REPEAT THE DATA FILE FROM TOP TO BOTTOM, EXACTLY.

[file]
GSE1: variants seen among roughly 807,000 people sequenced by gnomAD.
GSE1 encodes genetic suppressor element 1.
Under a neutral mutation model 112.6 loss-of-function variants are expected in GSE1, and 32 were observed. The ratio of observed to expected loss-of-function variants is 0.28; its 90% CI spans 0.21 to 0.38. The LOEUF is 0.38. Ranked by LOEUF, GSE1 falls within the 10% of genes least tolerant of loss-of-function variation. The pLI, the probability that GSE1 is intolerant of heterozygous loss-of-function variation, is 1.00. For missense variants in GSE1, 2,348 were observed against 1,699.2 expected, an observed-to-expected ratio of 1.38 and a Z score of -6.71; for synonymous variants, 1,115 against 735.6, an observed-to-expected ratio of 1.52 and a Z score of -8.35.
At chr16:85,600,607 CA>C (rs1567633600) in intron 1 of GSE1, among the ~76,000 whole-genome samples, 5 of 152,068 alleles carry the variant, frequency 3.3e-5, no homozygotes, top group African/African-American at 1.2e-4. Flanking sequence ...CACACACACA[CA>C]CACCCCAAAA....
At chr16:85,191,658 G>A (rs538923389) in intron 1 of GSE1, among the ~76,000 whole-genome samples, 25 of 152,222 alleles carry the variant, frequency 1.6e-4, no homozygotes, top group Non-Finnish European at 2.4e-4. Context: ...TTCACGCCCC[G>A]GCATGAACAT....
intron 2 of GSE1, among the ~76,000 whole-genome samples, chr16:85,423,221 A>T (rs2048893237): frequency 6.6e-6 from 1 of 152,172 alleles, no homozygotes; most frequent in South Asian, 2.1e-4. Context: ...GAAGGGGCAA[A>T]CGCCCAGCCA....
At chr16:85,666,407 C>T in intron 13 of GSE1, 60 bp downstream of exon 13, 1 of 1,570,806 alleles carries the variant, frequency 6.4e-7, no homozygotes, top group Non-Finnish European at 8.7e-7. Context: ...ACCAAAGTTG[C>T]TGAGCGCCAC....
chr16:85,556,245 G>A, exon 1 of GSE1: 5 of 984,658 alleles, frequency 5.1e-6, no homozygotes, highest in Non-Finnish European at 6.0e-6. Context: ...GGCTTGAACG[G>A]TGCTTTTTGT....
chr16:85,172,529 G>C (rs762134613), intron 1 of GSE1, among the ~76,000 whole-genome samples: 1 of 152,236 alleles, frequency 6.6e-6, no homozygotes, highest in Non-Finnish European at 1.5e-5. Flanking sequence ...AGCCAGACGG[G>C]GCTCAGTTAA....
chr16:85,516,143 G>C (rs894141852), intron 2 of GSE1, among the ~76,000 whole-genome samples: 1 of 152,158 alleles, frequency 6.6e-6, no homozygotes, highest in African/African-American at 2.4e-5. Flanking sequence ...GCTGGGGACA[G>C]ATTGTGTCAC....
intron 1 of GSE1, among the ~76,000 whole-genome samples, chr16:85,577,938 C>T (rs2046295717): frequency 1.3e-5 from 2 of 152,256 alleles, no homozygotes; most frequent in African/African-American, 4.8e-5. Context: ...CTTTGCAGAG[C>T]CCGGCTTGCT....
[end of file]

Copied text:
GSE1: variants seen among roughly 807,000 people sequenced by gnomAD.
GSE1 encodes genetic suppressor element 1.
Under a neutral mutation model 112.6 loss-of-function variants are expected in GSE1, and 32 were observed. The ratio of observed to expected loss-of-function variants is 0.28; its 90% CI spans 0.21 to 0.38. The LOEUF is 0.38. Ranked by LOEUF, GSE1 falls within the 10% of genes least tolerant of loss-of-function variation. The pLI, the probability that GSE1 is intolerant of heterozygous loss-of-function variation, is 1.00. For missense variants in GSE1, 2,348 were observed against 1,699.2 expected, an observed-to-expected ratio of 1.38 and a Z score of -6.71; for synonymous variants, 1,115 against 735.6, an observed-to-expected ratio of 1.52 and a Z score of -8.35.
At chr16:85,600,607 CA>C (rs1567633600) in intron 1 of GSE1, among the ~76,000 whole-genome samples, 5 of 152,068 alleles carry the variant, frequency 3.3e-5, no homozygotes, top group African/African-American at 1.2e-4. Flanking sequence ...CACACACACA[CA>C]CACCCCAAAA....
At chr16:85,191,658 G>A (rs538923389) in intron 1 of GSE1, among the ~76,000 whole-genome samples, 25 of 152,222 alleles carry the variant, frequency 1.6e-4, no homozygotes, top group Non-Finnish European at 2.4e-4. Context: ...TTCACGCCCC[G>A]GCATGAACAT....
intron 2 of GSE1, among the ~76,000 whole-genome samples, chr16:85,423,221 A>T (rs2048893237): frequency 6.6e-6 from 1 of 152,172 alleles, no homozygotes; most frequent in South Asian, 2.1e-4. Context: ...GAAGGGGCAA[A>T]CGCCCAGCCA....
At chr16:85,666,407 C>T in intron 13 of GSE1, 60 bp downstream of exon 13, 1 of 1,570,806 alleles carries the variant, frequency 6.4e-7, no homozygotes, top group Non-Finnish European at 8.7e-7. Context: ...ACCAAAGTTG[C>T]TGAGCGCCAC....
chr16:85,556,245 G>A, exon 1 of GSE1: 5 of 984,658 alleles, frequency 5.1e-6, no homozygotes, highest in Non-Finnish European at 6.0e-6. Context: ...GGCTTGAACG[G>A]TGCTTTTTGT....
chr16:85,172,529 G>C (rs762134613), intron 1 of GSE1, among the ~76,000 whole-genome samples: 1 of 152,236 alleles, frequency 6.6e-6, no homozygotes, highest in Non-Finnish European at 1.5e-5. Flanking sequence ...AGCCAGACGG[G>C]GCTCAGTTAA....
chr16:85,516,143 G>C (rs894141852), intron 2 of GSE1, among the ~76,000 whole-genome samples: 1 of 152,158 alleles, frequency 6.6e-6, no homozygotes, highest in African/African-American at 2.4e-5. Flanking sequence ...GCTGGGGACA[G>C]ATTGTGTCAC....
intron 1 of GSE1, among the ~76,000 whole-genome samples, chr16:85,577,938 C>T (rs2046295717): frequency 1.3e-5 from 2 of 152,256 alleles, no homozygotes; most frequent in African/African-American, 4.8e-5. Context: ...CTTTGCAGAG[C>T]CCGGCTTGCT....